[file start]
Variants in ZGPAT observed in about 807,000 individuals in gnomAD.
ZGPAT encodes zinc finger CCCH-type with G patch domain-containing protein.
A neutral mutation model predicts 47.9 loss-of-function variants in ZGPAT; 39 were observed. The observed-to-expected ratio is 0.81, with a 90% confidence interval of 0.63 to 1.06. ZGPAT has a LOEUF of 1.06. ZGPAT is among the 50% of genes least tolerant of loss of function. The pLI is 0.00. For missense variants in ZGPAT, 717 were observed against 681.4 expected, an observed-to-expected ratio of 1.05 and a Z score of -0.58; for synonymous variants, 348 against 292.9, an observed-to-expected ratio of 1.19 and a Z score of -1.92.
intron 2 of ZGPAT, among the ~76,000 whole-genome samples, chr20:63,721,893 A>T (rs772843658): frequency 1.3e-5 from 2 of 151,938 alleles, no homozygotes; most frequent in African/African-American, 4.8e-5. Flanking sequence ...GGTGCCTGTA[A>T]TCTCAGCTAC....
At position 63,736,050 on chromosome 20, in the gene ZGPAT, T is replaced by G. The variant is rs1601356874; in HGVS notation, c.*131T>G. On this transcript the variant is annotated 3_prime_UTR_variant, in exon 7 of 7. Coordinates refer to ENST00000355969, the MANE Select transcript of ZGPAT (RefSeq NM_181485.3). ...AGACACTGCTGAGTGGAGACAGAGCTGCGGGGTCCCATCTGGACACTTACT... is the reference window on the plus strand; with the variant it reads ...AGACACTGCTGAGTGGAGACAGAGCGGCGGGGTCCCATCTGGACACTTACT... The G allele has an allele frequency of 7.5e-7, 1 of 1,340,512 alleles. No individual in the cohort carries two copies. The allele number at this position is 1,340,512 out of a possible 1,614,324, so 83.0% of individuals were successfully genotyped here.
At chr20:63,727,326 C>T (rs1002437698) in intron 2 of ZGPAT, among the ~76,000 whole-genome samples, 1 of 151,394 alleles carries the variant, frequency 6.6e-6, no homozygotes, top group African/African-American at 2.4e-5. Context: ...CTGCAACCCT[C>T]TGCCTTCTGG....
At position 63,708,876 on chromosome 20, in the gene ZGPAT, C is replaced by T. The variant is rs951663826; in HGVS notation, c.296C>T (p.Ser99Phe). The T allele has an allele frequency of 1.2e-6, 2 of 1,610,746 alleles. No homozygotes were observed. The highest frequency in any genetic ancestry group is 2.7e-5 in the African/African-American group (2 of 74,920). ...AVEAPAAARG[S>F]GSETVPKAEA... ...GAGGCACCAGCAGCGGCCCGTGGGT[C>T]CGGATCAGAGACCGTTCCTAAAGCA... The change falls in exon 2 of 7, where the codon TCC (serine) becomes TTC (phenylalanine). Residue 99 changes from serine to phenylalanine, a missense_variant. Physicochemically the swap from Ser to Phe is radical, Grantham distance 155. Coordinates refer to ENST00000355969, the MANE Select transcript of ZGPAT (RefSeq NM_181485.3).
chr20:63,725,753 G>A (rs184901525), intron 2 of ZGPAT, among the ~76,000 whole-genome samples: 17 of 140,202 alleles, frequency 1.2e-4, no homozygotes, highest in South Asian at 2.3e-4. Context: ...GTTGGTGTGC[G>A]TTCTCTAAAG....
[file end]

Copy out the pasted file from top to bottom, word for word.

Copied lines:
Variants in ZGPAT observed in about 807,000 individuals in gnomAD.
ZGPAT encodes zinc finger CCCH-type with G patch domain-containing protein.
A neutral mutation model predicts 47.9 loss-of-function variants in ZGPAT; 39 were observed. The observed-to-expected ratio is 0.81, with a 90% confidence interval of 0.63 to 1.06. ZGPAT has a LOEUF of 1.06. ZGPAT is among the 50% of genes least tolerant of loss of function. The pLI is 0.00. For missense variants in ZGPAT, 717 were observed against 681.4 expected, an observed-to-expected ratio of 1.05 and a Z score of -0.58; for synonymous variants, 348 against 292.9, an observed-to-expected ratio of 1.19 and a Z score of -1.92.
intron 2 of ZGPAT, among the ~76,000 whole-genome samples, chr20:63,721,893 A>T (rs772843658): frequency 1.3e-5 from 2 of 151,938 alleles, no homozygotes; most frequent in African/African-American, 4.8e-5. Flanking sequence ...GGTGCCTGTA[A>T]TCTCAGCTAC....
At position 63,736,050 on chromosome 20, in the gene ZGPAT, T is replaced by G. The variant is rs1601356874; in HGVS notation, c.*131T>G. On this transcript the variant is annotated 3_prime_UTR_variant, in exon 7 of 7. Coordinates refer to ENST00000355969, the MANE Select transcript of ZGPAT (RefSeq NM_181485.3). ...AGACACTGCTGAGTGGAGACAGAGCTGCGGGGTCCCATCTGGACACTTACT... is the reference window on the plus strand; with the variant it reads ...AGACACTGCTGAGTGGAGACAGAGCGGCGGGGTCCCATCTGGACACTTACT... The G allele has an allele frequency of 7.5e-7, 1 of 1,340,512 alleles. No individual in the cohort carries two copies. The allele number at this position is 1,340,512 out of a possible 1,614,324, so 83.0% of individuals were successfully genotyped here.
At chr20:63,727,326 C>T (rs1002437698) in intron 2 of ZGPAT, among the ~76,000 whole-genome samples, 1 of 151,394 alleles carries the variant, frequency 6.6e-6, no homozygotes, top group African/African-American at 2.4e-5. Context: ...CTGCAACCCT[C>T]TGCCTTCTGG....
At position 63,708,876 on chromosome 20, in the gene ZGPAT, C is replaced by T. The variant is rs951663826; in HGVS notation, c.296C>T (p.Ser99Phe). The T allele has an allele frequency of 1.2e-6, 2 of 1,610,746 alleles. No homozygotes were observed. The highest frequency in any genetic ancestry group is 2.7e-5 in the African/African-American group (2 of 74,920). ...AVEAPAAARG[S>F]GSETVPKAEA... ...GAGGCACCAGCAGCGGCCCGTGGGT[C>T]CGGATCAGAGACCGTTCCTAAAGCA... The change falls in exon 2 of 7, where the codon TCC (serine) becomes TTC (phenylalanine). Residue 99 changes from serine to phenylalanine, a missense_variant. Physicochemically the swap from Ser to Phe is radical, Grantham distance 155. Coordinates refer to ENST00000355969, the MANE Select transcript of ZGPAT (RefSeq NM_181485.3).
chr20:63,725,753 G>A (rs184901525), intron 2 of ZGPAT, among the ~76,000 whole-genome samples: 17 of 140,202 alleles, frequency 1.2e-4, no homozygotes, highest in South Asian at 2.3e-4. Context: ...GTTGGTGTGC[G>A]TTCTCTAAAG....